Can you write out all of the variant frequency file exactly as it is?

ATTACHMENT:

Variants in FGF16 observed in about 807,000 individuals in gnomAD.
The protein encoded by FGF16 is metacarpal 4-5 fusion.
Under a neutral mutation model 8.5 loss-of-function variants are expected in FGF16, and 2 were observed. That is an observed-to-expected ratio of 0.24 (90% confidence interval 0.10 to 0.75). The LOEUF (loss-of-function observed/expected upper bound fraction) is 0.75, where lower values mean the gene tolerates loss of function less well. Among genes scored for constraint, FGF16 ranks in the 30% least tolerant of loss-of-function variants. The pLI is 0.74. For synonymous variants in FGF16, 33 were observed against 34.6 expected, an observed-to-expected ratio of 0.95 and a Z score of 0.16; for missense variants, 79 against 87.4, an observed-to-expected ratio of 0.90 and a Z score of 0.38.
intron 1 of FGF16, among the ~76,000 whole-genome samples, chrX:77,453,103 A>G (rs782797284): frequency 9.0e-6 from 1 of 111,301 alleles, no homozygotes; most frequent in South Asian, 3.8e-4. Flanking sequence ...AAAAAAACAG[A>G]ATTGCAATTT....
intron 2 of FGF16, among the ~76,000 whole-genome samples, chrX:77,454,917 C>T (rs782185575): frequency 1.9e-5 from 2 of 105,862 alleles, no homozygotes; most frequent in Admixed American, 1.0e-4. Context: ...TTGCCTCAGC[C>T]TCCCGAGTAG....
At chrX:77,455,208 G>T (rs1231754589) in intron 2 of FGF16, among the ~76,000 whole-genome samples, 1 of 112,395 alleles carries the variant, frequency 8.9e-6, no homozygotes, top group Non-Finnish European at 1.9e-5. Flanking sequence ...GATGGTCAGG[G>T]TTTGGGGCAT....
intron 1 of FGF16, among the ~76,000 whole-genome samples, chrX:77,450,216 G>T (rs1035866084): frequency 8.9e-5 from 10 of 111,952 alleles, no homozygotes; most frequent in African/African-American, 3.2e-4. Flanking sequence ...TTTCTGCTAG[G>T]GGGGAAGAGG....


Variants in FGF16 observed in about 807,000 individuals in gnomAD.
The protein encoded by FGF16 is metacarpal 4-5 fusion.
Under a neutral mutation model 8.5 loss-of-function variants are expected in FGF16, and 2 were observed. That is an observed-to-expected ratio of 0.24 (90% confidence interval 0.10 to 0.75). The LOEUF (loss-of-function observed/expected upper bound fraction) is 0.75, where lower values mean the gene tolerates loss of function less well. Among genes scored for constraint, FGF16 ranks in the 30% least tolerant of loss-of-function variants. The pLI is 0.74. For synonymous variants in FGF16, 33 were observed against 34.6 expected, an observed-to-expected ratio of 0.95 and a Z score of 0.16; for missense variants, 79 against 87.4, an observed-to-expected ratio of 0.90 and a Z score of 0.38.
intron 1 of FGF16, among the ~76,000 whole-genome samples, chrX:77,453,103 A>G (rs782797284): frequency 9.0e-6 from 1 of 111,301 alleles, no homozygotes; most frequent in South Asian, 3.8e-4. Flanking sequence ...AAAAAAACAG[A>G]ATTGCAATTT....
intron 2 of FGF16, among the ~76,000 whole-genome samples, chrX:77,454,917 C>T (rs782185575): frequency 1.9e-5 from 2 of 105,862 alleles, no homozygotes; most frequent in Admixed American, 1.0e-4. Context: ...TTGCCTCAGC[C>T]TCCCGAGTAG....
At chrX:77,455,208 G>T (rs1231754589) in intron 2 of FGF16, among the ~76,000 whole-genome samples, 1 of 112,395 alleles carries the variant, frequency 8.9e-6, no homozygotes, top group Non-Finnish European at 1.9e-5. Flanking sequence ...GATGGTCAGG[G>T]TTTGGGGCAT....
intron 1 of FGF16, among the ~76,000 whole-genome samples, chrX:77,450,216 G>T (rs1035866084): frequency 8.9e-5 from 10 of 111,952 alleles, no homozygotes; most frequent in African/African-American, 3.2e-4. Flanking sequence ...TTTCTGCTAG[G>T]GGGGAAGAGG....